‘What’s in it for me’ is the mantra of the ego. Its first instinct is ignore the bigger picture and protect and take care of itself. The Higher Self has different priorities, such as ‘What’s most likely to benefit us all?’ and ‘How can I help?’

 4. Don’t take yourself too seriously

Ego-dominated people feed off others’ approval. They are preoccupied with their reputation and easily take offence. They are easy targets for jokers and pranksters since they are easily upset and become aggressive when they feel under attack.

Learn not to take offence at what others say or do. Remember, when someone disagrees with you or criticises you, they’re judging only your outward appearance, not the real you. Step back – there’s always a funny side!

5. Put a stop to jealousy

Jealousy is born of fear. The ego is dominated by fear. It begrudges others their talents and achievements, not recognising that one person’s success can benefit all.

In order to feel jealous, you must compare yourself unfavourably with others and wish you had what they have. Let go of the need to judge yourself against others. Take pleasure in their blessings and good fortune. Wish them happiness. What matters is not what others have or do or how you compare with them, but how far you have progressed along your path.

 6. Constantly remind yourself who you are

Constantly remind yourself who you are. You are Infinite Intelligence in human form. Stop looking outside yourself and instead look within to where lasting peace and joy may be found.

Before long, you won’t need to remind yourself any more – you’ll just know it.

The difference it makes

When you discover the truth about yourself, that you are a spiritual being, your self-image is no longer based on your physical features. Your deepest values are non-physical – happiness, peace, love, truth and so on. You transcend your previous limitations.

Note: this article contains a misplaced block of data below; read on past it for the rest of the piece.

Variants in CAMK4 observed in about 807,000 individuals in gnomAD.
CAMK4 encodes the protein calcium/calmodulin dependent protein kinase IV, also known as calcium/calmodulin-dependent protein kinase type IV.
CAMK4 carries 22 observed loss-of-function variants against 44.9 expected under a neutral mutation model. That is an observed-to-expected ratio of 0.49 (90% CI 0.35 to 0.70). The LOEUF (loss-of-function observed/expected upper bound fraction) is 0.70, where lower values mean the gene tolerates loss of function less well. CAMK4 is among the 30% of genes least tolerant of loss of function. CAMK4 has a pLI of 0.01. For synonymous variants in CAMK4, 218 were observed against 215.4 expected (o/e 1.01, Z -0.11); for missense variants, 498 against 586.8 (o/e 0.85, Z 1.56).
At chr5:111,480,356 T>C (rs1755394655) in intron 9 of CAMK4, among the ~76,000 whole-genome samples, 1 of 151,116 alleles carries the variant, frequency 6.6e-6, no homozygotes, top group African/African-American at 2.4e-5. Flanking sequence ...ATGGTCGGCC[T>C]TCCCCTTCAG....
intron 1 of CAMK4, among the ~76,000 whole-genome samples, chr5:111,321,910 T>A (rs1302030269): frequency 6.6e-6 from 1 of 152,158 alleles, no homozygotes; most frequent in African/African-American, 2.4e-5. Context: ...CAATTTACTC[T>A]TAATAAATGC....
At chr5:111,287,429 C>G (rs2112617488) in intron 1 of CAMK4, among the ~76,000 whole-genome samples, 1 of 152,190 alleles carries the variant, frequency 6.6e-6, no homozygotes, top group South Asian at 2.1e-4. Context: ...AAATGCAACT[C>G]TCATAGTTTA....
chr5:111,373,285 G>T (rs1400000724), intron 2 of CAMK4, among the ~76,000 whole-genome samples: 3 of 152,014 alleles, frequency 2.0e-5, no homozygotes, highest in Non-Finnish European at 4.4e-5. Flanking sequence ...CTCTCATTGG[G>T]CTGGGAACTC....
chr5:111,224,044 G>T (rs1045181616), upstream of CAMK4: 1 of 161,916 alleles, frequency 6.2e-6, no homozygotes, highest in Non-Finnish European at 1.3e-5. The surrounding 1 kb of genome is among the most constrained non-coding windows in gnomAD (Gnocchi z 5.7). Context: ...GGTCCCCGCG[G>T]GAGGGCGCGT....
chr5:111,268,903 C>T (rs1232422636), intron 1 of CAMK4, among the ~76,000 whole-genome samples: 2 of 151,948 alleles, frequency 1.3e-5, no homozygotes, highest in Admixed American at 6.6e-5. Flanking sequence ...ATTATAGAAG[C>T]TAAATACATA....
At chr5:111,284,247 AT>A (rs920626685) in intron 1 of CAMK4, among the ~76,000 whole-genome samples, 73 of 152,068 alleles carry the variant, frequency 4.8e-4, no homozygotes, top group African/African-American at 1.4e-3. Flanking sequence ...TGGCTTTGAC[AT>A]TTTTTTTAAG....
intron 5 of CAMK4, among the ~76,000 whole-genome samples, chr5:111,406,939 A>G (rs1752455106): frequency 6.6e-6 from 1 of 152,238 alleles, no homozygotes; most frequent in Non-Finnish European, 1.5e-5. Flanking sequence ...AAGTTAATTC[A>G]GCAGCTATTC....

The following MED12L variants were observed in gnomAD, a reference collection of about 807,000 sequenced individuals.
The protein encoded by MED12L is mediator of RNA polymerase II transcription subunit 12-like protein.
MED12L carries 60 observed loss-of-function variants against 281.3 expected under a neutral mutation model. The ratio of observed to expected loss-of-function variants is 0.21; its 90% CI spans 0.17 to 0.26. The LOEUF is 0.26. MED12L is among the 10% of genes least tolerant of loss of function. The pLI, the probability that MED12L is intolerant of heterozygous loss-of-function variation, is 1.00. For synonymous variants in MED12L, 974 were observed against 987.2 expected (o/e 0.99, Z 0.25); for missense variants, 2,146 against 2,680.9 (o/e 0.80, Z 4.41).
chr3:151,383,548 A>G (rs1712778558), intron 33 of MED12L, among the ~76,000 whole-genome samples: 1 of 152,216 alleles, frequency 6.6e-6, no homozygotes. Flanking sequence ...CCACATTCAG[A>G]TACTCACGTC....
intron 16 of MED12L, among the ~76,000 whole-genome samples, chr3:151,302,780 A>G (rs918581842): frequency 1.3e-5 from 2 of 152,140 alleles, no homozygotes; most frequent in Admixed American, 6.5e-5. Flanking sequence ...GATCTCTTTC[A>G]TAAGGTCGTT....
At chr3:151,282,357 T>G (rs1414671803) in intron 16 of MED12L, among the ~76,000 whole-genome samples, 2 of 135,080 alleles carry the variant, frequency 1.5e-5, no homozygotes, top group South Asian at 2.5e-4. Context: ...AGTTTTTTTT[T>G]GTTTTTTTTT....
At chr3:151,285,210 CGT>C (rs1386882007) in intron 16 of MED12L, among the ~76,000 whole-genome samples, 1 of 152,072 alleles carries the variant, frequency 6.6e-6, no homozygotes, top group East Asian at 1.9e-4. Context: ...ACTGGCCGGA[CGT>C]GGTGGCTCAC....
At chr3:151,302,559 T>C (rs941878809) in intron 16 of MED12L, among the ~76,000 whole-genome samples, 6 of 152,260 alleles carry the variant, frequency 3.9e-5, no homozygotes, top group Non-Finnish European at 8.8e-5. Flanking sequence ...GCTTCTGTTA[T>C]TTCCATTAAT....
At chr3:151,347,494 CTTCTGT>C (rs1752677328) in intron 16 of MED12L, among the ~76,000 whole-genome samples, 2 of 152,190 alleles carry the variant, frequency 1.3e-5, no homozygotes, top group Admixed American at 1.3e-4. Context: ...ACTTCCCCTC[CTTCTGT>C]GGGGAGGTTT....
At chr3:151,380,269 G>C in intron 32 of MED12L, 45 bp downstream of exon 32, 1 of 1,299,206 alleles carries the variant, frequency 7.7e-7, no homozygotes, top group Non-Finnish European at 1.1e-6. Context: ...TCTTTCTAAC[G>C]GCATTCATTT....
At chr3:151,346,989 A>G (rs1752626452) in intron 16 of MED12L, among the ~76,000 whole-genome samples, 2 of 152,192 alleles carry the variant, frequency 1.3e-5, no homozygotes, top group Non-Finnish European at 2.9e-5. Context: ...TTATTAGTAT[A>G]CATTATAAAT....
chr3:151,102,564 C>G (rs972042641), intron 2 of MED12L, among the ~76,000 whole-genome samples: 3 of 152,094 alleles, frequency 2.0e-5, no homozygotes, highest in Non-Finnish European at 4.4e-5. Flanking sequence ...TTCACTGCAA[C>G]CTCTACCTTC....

You are equally aware of others as spiritual beings on their own journey. You see them in terms of their virtues, values and talents. Love is your predominant feeling towards others.

You are caring, empathic and considerate. You are guided by your intuition, taking responsibility for your thoughts, words and actions because you know they are the seeds of your future harvest. You approach problems differently, knowing that if you want change you must focus on causes because it is absurd to expect effects to deal with themselves. You are self-reliant yet connected, at ease with yourself and warm and respectful towards others.

Isn’t this what you want?

 

©David Lawrence Preston, 7.11.2016

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The First Gospel

‘Mark’ was the first of the four official gospels to be written, around 70 CE. Only the seven authentic letters of Paul and the anonymous letter to the Hebrews were written before this, which means ninety percent plus of the New Testament was written after.

Nobody knows who wrote it, but it is clear the author was no eyewitness and makes no such claims. Some have suggested that it was written by a young associate of the disciple Cephas; if this were true, he would be author closest to Yeshua, but it’s unlikely. Others think it could have been written by a young one-time companion of Paul, John-Mark, but this is unlikely too.

Some think it was written in Syria, others in Rome. There are no indications that the author was familiar with the geography of Palestine. It seems to have been written for gentile Christians, since the author, probably Jewish, felt the need to explain Jewish law and customs.

There is no birth story in the First Gospel – it begins with Yeshua’s visit to John the Baptist and ends with a group of women discovering the empty tomb. There is no divine conception, no birth story, no shepherds, wise men or flight into Egypt. These stories were invented later.